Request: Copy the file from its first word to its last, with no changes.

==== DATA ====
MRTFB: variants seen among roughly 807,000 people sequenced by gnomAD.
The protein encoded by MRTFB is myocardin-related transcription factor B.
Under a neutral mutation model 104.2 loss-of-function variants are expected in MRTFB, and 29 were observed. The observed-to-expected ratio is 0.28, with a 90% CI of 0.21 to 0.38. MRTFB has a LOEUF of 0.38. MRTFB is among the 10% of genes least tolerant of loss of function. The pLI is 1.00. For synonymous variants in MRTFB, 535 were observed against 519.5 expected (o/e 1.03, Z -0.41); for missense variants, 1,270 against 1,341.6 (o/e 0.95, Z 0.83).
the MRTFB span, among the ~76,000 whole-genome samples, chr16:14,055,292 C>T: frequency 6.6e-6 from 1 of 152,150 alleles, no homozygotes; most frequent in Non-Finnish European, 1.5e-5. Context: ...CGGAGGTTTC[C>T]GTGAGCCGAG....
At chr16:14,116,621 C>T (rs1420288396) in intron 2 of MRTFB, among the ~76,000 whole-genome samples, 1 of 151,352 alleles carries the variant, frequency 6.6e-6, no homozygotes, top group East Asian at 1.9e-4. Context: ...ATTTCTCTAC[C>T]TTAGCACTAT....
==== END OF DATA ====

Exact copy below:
MRTFB: variants seen among roughly 807,000 people sequenced by gnomAD.
The protein encoded by MRTFB is myocardin-related transcription factor B.
Under a neutral mutation model 104.2 loss-of-function variants are expected in MRTFB, and 29 were observed. The observed-to-expected ratio is 0.28, with a 90% CI of 0.21 to 0.38. MRTFB has a LOEUF of 0.38. MRTFB is among the 10% of genes least tolerant of loss of function. The pLI is 1.00. For synonymous variants in MRTFB, 535 were observed against 519.5 expected (o/e 1.03, Z -0.41); for missense variants, 1,270 against 1,341.6 (o/e 0.95, Z 0.83).
the MRTFB span, among the ~76,000 whole-genome samples, chr16:14,055,292 C>T: frequency 6.6e-6 from 1 of 152,150 alleles, no homozygotes; most frequent in Non-Finnish European, 1.5e-5. Context: ...CGGAGGTTTC[C>T]GTGAGCCGAG....
At chr16:14,116,621 C>T (rs1420288396) in intron 2 of MRTFB, among the ~76,000 whole-genome samples, 1 of 151,352 alleles carries the variant, frequency 6.6e-6, no homozygotes, top group East Asian at 1.9e-4. Context: ...ATTTCTCTAC[C>T]TTAGCACTAT....